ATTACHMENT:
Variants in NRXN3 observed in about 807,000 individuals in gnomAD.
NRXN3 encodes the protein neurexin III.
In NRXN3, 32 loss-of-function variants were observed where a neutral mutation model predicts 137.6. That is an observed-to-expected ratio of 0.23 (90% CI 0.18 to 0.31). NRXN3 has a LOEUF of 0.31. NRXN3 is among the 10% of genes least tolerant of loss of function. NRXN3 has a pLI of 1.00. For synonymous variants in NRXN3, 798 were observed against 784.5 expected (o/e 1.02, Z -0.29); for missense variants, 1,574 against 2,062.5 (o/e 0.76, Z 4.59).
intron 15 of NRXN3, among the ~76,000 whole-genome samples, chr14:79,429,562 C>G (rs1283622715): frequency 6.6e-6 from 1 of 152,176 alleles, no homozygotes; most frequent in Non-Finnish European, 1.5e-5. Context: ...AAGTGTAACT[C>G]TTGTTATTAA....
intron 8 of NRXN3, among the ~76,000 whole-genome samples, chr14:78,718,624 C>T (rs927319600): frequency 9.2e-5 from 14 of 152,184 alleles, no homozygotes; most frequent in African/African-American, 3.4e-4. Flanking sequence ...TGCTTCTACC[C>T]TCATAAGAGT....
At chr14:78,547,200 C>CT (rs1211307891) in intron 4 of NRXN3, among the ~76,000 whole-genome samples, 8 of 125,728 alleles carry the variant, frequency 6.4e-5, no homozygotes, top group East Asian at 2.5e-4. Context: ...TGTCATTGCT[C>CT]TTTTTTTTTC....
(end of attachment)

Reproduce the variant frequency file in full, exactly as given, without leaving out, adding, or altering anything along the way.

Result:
Variants in NRXN3 observed in about 807,000 individuals in gnomAD.
NRXN3 encodes the protein neurexin III.
In NRXN3, 32 loss-of-function variants were observed where a neutral mutation model predicts 137.6. That is an observed-to-expected ratio of 0.23 (90% CI 0.18 to 0.31). NRXN3 has a LOEUF of 0.31. NRXN3 is among the 10% of genes least tolerant of loss of function. NRXN3 has a pLI of 1.00. For synonymous variants in NRXN3, 798 were observed against 784.5 expected (o/e 1.02, Z -0.29); for missense variants, 1,574 against 2,062.5 (o/e 0.76, Z 4.59).
intron 15 of NRXN3, among the ~76,000 whole-genome samples, chr14:79,429,562 C>G (rs1283622715): frequency 6.6e-6 from 1 of 152,176 alleles, no homozygotes; most frequent in Non-Finnish European, 1.5e-5. Context: ...AAGTGTAACT[C>G]TTGTTATTAA....
intron 8 of NRXN3, among the ~76,000 whole-genome samples, chr14:78,718,624 C>T (rs927319600): frequency 9.2e-5 from 14 of 152,184 alleles, no homozygotes; most frequent in African/African-American, 3.4e-4. Flanking sequence ...TGCTTCTACC[C>T]TCATAAGAGT....
At chr14:78,547,200 C>CT (rs1211307891) in intron 4 of NRXN3, among the ~76,000 whole-genome samples, 8 of 125,728 alleles carry the variant, frequency 6.4e-5, no homozygotes, top group East Asian at 2.5e-4. Context: ...TGTCATTGCT[C>CT]TTTTTTTTTC....